An old Jewish shop owner Mr. Shaddick ('Peter Falk') suddenly finds himself responsible for a little black boy named Herman Washington ('Aaron Meek') trying to escape the chaos of Harlem as... See full summary »
In occupied France during the Franco-Prussian War, a young French laundress shares a coach ride with several of her condescending social superiors. But when a Prussian officer holds the ... See full summary »
When a shady-looking stranger rides into town to join his old friend it is assumed he is a hired gun. But as the new man comes to realise the unlawful nature of his buddy's business and the... See full summary »
Barbara Bel Geddes,
Dave Burke is looking to hire two men to assist him in a bank raid: Earle Slater, a white ex-convict, and Johnny Ingram, a black gambler. Both are reluctant; but Burke arranges for Ingram's... See full summary »
Jean Simmons (a school teacher) takes a secretarial job in a nightclub. The two club owners quibble about a lot, including her. Unfortunately, she develops an interest for the partner who disapproves of her employment at the club.
During the Civil War, Confederate POWs join the Union Army to fight Indians but old animosities between Unionists and Confederates resurface during their fragile alliance against their common enemy the Indians.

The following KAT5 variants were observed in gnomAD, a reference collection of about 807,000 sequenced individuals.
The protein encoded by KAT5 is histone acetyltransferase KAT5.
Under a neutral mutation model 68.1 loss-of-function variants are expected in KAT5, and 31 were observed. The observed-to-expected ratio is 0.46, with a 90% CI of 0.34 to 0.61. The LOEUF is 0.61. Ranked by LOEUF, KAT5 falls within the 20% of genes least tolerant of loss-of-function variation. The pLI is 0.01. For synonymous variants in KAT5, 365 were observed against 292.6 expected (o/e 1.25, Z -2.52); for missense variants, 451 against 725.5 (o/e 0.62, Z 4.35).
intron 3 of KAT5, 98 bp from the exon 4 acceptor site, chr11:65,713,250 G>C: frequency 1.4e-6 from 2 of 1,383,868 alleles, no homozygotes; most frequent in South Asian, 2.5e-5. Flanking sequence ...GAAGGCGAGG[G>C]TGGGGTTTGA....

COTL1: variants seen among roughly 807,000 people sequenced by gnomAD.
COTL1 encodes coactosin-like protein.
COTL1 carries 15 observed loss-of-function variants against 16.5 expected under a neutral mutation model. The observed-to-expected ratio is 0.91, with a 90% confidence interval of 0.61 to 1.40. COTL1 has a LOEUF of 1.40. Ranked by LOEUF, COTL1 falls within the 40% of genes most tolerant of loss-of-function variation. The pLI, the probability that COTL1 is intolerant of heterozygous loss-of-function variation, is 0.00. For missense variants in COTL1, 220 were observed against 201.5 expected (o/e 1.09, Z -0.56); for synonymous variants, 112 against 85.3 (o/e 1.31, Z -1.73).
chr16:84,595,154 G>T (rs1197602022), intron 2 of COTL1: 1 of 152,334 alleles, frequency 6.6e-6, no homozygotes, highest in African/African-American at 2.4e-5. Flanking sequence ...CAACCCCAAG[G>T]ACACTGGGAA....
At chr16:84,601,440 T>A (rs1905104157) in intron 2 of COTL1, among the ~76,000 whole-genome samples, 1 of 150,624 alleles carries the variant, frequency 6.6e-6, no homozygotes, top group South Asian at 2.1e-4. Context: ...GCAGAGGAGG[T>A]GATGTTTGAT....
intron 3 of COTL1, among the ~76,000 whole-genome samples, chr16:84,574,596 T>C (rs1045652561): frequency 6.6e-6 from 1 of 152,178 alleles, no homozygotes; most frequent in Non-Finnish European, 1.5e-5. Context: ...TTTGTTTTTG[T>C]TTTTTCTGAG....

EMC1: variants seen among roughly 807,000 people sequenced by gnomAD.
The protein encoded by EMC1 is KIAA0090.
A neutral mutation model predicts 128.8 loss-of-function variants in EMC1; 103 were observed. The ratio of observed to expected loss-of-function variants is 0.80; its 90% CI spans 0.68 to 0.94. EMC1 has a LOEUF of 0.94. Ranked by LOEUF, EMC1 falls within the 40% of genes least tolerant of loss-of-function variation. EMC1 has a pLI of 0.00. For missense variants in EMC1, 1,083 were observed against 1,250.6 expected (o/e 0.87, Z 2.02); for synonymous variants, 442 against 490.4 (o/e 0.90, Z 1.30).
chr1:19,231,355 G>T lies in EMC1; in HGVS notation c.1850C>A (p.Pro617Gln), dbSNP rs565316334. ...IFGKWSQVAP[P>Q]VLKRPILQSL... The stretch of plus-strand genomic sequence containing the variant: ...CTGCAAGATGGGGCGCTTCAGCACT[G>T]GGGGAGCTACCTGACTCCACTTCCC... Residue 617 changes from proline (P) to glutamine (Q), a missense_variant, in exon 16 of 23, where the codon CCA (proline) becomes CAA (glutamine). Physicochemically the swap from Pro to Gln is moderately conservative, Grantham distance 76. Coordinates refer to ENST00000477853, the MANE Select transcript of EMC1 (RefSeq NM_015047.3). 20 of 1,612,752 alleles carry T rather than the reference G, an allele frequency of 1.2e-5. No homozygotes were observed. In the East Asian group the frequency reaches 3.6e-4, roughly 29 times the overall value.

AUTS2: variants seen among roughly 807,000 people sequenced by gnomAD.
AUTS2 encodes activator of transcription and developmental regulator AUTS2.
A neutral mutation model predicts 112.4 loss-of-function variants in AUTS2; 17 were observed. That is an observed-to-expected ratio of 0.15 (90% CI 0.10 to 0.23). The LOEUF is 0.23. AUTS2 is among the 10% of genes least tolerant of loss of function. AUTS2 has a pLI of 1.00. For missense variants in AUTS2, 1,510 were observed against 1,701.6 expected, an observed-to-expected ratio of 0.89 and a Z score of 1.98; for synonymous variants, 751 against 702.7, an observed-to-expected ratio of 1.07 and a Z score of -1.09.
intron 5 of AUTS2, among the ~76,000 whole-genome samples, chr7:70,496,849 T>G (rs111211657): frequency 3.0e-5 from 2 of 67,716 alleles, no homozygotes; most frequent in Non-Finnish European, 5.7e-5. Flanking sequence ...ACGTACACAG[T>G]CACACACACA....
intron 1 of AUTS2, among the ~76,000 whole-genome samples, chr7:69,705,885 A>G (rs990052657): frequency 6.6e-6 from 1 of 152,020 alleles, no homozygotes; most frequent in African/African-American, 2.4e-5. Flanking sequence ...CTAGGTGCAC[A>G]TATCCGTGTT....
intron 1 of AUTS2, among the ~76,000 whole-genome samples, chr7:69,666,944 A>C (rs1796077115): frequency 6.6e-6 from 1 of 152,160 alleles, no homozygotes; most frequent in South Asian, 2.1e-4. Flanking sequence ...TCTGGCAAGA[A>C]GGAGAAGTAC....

An old Jewish shop owner Mr. Shaddick ('Peter Falk') suddenly finds himself responsible for a little black boy named Herman Washington ('Aaron Meek') trying to escape the chaos of Harlem as part of a sponsorship program. At first, Mr. Shaddick wants nothing more than to get rid of the kid, but to spite the well to do lady who tries to take him over to her home, he decides to take Herman in. As time goes on, Mr. Shaddick finds himself caring about Herman and has the misfortune of being the bearer of bad news, which reminds him of when he received a telegram himself. Written by
This is well worth the investment just to see Falk doing what he does best, creating a character who has a history far beyond the spoken words. Robert Wise directs with an eye toward showing us people behaving in natural and very human ways. (Just watch Ruby Dee's short scene in the bus station with her grandson.) The Rod Serling teleplay shows its age with Serling's penchant for inserting a moral in each moment. And yet, it all goes down smoothly. No surprises, no major revelations. Just a reaffirmation of what we all know to be true.
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